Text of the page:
Harvard professor Daniel Gilbert:Some of the things Grandma told you were exactly right. Find a nice boy, settle down: good advice. It turns out marriage is a cause of happiness. Grandma might have told you to find a good job and make some money. That advice is not terrible advice. More money makes you happy, but it doesn’t do a whole lot for you, and once you’re in the middle class, more money does very little. The last piece of advice grandmothers give is children. There are virtually no studies demonstrating a positive correlation between children and happiness, and most studies show a small negative correlation. By and large, people with children are less happy.
America seems to be getting happier
The Atlantic Monthly reports that Facebook is keeping tabs on the national mood via its Gross National Happiness Index. It “counts the number of ‘positive’ and ‘negative’ words used in each status update, converts them to percentages, finds average percents based on all users that day, then subtracts the ‘negative percent’ from the ‘positive percent’ to get a value for the y axis—but the results are clear: Weekends and holidays are better than midweek, and Mother’s Day and Father’s Day ’09 recorded more happiness than ’08 (probably because more celebrating moms and dads had Facebook pages in ’09.) And the bottom line: Despite a deepening recession and prolonged wars, Americans seemed to be happier in 2009 than 2008.”From Eric Barker’s Barking Up The Wrong Tree. Follow him on Twitter.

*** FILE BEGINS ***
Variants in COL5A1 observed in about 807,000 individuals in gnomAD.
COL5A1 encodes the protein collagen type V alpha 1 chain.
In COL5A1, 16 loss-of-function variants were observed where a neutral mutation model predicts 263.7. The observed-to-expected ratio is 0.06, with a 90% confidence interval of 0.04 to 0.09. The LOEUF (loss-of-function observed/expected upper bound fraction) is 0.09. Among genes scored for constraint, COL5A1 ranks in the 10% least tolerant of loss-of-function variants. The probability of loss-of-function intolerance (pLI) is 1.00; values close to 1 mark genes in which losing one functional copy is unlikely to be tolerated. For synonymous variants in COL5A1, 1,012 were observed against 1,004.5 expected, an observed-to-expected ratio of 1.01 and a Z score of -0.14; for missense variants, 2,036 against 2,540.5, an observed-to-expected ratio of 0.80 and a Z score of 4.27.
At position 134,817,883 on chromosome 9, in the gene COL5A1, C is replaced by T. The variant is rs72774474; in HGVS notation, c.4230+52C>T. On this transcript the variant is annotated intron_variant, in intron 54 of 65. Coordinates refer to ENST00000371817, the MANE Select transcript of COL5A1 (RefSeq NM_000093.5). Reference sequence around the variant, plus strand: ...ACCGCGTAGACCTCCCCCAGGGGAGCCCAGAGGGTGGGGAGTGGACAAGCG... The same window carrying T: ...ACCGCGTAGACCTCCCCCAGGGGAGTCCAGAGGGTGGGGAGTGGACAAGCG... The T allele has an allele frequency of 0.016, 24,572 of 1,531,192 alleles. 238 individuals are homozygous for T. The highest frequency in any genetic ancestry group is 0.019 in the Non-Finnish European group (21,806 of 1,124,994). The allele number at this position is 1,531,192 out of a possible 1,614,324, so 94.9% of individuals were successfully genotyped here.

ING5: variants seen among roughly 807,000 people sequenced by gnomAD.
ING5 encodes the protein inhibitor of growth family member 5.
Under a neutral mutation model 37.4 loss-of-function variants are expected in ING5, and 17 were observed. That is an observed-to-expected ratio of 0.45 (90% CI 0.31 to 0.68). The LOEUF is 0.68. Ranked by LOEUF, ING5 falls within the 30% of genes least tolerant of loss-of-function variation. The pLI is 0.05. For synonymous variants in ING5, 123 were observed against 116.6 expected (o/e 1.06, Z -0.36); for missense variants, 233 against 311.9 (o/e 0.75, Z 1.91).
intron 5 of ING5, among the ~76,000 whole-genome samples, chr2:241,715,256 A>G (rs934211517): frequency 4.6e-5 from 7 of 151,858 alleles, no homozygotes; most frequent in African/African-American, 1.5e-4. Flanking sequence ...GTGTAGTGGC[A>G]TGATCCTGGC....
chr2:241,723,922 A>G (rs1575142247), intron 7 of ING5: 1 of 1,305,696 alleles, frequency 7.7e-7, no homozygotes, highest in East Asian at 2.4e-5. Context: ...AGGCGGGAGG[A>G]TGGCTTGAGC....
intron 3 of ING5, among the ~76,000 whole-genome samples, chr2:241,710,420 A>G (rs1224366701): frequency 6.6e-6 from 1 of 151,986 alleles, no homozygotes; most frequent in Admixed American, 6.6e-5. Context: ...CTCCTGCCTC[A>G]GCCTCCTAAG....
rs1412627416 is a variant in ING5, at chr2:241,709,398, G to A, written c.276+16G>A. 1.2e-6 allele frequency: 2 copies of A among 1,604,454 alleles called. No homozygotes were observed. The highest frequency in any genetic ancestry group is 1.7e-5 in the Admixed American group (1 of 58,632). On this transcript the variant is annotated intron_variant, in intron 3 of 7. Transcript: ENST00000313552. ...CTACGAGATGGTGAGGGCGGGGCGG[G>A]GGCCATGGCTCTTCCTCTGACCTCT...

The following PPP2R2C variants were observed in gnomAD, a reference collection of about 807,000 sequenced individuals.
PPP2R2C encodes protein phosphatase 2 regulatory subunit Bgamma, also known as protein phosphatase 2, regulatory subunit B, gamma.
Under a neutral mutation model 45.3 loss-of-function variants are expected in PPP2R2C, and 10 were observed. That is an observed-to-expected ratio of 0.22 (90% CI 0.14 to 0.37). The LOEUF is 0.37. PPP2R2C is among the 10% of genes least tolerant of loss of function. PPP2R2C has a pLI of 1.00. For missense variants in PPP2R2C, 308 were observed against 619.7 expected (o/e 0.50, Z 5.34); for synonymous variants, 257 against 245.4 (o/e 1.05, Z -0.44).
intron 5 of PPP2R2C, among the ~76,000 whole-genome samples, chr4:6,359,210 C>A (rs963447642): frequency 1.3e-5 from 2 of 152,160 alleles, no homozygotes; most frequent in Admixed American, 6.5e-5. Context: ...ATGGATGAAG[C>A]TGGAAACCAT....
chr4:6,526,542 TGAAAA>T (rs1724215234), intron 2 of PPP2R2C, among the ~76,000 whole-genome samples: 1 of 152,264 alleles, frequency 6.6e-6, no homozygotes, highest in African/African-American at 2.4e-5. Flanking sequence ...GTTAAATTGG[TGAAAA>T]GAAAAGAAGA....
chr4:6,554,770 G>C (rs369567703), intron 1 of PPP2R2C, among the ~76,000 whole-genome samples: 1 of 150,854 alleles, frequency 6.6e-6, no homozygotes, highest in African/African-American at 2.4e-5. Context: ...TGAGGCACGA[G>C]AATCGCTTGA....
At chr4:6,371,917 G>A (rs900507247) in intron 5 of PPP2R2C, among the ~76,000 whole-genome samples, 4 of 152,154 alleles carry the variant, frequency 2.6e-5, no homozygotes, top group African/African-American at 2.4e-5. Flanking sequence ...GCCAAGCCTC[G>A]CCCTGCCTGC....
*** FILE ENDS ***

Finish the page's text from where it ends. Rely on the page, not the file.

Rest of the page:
Happiness is contagious
By studying Framingham as an interconnected network rather than a mass of individuals, Christakis and Fowler made a remarkable discovery: Obesity spread like a virus. Weight gain had a stunning infection rate. If one person became obese, the likelihood that his friend would follow suit increased by 171 percent. (This means that the network is far more predictive of obesity than the presence of genes associated with the condition.)